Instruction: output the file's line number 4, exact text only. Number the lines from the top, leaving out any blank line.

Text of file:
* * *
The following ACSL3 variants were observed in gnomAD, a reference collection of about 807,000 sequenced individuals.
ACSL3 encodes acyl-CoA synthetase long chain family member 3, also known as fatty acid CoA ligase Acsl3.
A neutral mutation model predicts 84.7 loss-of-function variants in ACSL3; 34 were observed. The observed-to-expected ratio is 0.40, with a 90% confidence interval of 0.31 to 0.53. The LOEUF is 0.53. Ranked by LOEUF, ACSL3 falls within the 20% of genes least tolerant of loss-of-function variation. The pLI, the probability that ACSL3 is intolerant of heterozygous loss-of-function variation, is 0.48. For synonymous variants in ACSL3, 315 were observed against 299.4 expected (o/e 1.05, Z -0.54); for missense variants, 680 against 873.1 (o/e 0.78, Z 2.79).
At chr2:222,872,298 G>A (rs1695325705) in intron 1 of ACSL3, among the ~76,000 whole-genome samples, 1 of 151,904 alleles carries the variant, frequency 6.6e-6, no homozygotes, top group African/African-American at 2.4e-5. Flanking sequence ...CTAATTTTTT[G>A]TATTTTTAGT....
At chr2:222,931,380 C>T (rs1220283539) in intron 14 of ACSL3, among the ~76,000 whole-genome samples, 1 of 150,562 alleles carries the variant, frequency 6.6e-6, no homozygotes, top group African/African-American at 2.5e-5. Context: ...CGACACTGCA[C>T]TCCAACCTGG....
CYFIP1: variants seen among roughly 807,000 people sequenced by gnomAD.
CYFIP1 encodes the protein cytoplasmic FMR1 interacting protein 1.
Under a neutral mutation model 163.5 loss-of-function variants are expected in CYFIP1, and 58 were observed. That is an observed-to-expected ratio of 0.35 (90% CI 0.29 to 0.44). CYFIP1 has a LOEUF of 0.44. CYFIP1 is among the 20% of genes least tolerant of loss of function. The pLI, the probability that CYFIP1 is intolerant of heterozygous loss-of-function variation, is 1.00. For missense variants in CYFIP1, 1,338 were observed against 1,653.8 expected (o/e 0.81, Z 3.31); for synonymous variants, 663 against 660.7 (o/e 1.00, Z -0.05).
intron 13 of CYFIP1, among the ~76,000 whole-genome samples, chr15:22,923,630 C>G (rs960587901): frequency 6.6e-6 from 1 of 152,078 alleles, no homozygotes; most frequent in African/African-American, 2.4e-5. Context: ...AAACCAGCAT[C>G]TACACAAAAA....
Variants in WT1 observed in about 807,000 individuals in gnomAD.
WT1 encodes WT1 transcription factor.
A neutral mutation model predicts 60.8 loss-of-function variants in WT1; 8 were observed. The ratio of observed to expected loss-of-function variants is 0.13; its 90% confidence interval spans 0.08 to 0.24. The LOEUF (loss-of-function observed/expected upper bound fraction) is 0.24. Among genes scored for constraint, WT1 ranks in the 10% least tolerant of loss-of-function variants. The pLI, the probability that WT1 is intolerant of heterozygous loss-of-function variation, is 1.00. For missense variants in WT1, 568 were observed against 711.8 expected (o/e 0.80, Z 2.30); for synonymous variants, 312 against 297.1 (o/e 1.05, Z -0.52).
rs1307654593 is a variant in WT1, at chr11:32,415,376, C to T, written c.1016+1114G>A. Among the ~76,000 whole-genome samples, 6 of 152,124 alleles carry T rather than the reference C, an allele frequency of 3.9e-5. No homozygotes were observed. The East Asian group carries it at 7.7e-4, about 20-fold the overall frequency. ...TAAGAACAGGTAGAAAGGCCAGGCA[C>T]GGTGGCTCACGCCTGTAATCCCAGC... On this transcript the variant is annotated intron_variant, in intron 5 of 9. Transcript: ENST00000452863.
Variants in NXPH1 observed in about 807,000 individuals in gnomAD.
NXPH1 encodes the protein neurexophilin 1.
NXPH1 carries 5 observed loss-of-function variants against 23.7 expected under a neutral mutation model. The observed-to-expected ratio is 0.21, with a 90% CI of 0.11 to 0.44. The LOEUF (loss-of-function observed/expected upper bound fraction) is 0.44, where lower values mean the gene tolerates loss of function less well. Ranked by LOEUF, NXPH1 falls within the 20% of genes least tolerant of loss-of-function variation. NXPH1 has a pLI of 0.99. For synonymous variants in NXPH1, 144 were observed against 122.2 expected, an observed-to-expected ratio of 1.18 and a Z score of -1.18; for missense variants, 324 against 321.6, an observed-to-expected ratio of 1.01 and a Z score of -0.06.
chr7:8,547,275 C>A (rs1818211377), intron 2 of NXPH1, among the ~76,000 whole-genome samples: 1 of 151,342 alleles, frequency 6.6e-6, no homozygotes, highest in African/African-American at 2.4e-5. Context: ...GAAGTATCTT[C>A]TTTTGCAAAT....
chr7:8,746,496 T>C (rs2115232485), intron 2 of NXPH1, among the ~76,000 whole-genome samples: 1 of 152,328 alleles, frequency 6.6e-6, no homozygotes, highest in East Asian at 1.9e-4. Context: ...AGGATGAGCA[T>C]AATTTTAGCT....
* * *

At chr2:222,872,298 G>A (rs1695325705) in intron 1 of ACSL3, among the ~76,000 whole-genome samples, 1 of 151,904 alleles carries the variant, frequency 6.6e-6, no homozygotes, top group African/African-American at 2.4e-5. Flanking sequence ...CTAATTTTTT[G>A]TATTTTTAGT....